The Washington State Department of health concurs and recommends having a trained professional check your gas appliances and fireplaces annually.
Carbon monoxide, CO, can enter your home any time you have a defect in your furnace’s heat exchanger. A heat exchanger is the largest part of the furnace, usually made of aluminum or stainless steel, through which the poisonous carbon monoxide-containing exhaust fumes leave the furnace and are vented to the outside. Heat exchangers can develop holes over time or through manufacturer defect. The result is that some of the carbon monoxide will leak through these apertures and into your house. Carbon monoxide poisoning is a serious health risk, and over 1000 Washington residents were killed by carbon monoxide poisoning from a variety of sources between 1990 and 2005.
When selecting an HVAC contractor to perform the tune-up that the EPA recommends, it is extremely important to select a company whose technicians understand how to properly inspect heat exchangers. Few companies are eager to properly inspect your heat exchanger. Mostly because it’s hard to reach. The heat exchanger sits behind all of the parts you can see, including the motors, gas valve, pressure switch, circuit board, igniter, etc, and often you cannot see it even with the front panel open. Because of this inspection, the precision tune up when done correctly is a longer appointment. For example, Washington Energy Services furnace tune up takes 45 minutes to 1 hour on a furnace where no problems are found. When problems are found, this time obviously increases.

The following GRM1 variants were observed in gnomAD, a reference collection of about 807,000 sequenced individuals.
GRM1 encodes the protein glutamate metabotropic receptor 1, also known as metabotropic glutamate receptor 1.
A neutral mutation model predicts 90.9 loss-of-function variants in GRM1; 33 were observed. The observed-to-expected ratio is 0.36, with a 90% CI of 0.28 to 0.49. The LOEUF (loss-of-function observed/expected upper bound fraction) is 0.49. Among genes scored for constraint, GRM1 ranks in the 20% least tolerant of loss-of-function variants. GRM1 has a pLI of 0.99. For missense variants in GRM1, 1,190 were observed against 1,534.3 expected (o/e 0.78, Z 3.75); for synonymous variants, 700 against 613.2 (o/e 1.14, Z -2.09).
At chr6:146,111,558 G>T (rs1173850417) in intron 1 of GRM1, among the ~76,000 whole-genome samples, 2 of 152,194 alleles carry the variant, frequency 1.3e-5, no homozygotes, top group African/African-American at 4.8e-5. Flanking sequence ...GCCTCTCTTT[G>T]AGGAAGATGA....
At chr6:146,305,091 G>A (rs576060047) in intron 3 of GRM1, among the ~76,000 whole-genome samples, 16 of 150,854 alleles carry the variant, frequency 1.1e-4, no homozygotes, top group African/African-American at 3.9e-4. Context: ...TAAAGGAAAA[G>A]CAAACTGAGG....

So how do you know your technician will do a good tune up? Ask your contractor if its technicians are NATE Certified. It stands for North American Technician Excellence (www.natex.org), and it is an HVAC industry certification of quality. You can be confident that NATE Certified technicians provide the kind of precision tune ups discussed in this article.
To get a precision tune up for your furnace call Washington Energy Services at 1 800 398-HOME. Washington Energy Services technicians are NATE certified.
For more information on Carbon Monoxide poisoning, see Washington State Department of health at www.doh.wa.gov/ehp/ts/IAQ/CO_Fact_Sheet.htm.